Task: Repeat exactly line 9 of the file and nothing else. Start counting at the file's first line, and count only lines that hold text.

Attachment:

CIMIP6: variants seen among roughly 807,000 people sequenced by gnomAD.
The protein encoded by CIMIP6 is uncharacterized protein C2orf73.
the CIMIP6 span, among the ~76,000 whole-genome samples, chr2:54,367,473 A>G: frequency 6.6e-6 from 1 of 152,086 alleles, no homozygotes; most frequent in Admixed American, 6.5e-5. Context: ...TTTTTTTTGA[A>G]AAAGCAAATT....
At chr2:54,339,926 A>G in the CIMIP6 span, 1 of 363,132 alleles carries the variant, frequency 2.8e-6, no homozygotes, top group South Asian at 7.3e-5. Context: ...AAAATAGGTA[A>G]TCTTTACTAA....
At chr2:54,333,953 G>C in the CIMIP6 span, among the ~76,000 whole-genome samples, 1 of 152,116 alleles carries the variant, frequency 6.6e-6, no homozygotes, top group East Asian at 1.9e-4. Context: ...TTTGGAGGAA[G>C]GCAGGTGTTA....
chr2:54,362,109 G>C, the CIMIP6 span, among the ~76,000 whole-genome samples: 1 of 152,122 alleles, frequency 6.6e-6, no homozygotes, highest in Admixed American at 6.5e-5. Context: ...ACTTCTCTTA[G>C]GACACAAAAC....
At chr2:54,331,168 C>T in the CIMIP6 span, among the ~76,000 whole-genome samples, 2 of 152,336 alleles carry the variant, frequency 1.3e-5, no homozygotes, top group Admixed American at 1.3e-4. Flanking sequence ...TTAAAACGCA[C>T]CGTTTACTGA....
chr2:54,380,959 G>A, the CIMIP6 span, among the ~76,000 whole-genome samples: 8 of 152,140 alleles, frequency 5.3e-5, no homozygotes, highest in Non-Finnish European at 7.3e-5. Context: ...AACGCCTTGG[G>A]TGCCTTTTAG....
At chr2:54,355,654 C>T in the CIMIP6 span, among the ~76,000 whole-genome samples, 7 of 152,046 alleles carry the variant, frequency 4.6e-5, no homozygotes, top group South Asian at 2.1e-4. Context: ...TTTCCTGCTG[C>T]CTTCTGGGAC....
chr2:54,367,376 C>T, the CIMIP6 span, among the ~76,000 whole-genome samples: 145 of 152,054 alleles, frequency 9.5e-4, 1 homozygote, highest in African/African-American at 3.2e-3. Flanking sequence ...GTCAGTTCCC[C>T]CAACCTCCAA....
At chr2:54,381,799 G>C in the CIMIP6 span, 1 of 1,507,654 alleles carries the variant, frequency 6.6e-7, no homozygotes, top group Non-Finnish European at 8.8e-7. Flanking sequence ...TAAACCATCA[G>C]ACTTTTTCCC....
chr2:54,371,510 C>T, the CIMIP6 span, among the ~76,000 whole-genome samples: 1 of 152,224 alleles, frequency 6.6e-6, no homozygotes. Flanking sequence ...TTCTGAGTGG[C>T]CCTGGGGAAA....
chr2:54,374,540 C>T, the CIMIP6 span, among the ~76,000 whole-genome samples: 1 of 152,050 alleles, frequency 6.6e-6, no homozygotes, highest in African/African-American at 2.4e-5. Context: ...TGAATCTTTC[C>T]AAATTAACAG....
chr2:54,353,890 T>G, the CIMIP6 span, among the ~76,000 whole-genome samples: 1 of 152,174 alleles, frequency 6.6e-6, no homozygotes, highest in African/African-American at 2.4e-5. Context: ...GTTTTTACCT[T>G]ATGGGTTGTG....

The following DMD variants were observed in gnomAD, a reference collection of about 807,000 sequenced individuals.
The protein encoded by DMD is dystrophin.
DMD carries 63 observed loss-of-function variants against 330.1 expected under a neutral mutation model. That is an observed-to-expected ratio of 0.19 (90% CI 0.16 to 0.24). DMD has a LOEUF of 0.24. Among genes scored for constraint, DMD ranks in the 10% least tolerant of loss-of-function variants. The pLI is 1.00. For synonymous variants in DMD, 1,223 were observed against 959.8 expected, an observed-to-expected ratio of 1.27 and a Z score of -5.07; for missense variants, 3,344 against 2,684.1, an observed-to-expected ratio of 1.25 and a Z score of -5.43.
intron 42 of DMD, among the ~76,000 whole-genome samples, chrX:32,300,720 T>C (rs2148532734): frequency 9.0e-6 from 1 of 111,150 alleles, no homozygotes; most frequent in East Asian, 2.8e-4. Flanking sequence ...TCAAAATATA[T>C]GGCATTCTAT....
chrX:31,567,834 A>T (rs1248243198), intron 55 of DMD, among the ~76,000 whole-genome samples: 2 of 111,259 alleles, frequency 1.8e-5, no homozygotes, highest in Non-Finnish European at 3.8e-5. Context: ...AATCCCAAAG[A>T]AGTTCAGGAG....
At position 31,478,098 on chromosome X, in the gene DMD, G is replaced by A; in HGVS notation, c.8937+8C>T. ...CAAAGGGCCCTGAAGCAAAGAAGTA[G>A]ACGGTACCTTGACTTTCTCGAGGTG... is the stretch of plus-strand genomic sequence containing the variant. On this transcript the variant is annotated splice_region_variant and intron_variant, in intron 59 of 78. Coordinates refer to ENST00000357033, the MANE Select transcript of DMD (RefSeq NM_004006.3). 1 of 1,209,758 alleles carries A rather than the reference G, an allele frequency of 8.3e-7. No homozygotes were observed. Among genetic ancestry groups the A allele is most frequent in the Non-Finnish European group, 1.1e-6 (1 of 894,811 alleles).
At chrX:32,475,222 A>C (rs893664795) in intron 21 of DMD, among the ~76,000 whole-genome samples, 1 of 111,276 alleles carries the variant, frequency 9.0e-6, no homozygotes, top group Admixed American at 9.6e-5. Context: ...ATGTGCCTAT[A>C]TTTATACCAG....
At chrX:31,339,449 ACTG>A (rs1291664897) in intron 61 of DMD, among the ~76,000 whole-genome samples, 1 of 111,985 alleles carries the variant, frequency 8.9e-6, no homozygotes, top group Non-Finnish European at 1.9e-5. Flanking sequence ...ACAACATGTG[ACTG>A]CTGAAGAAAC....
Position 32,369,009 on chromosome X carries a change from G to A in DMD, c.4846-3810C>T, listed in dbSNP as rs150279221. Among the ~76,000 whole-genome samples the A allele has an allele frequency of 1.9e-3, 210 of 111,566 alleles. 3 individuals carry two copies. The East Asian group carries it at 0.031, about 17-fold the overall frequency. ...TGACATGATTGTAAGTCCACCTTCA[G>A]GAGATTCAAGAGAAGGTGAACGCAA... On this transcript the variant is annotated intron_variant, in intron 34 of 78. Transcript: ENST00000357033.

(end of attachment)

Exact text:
At chr2:54,355,654 C>T in the CIMIP6 span, among the ~76,000 whole-genome samples, 7 of 152,046 alleles carry the variant, frequency 4.6e-5, no homozygotes, top group South Asian at 2.1e-4. Context: ...TTTCCTGCTG[C>T]CTTCTGGGAC....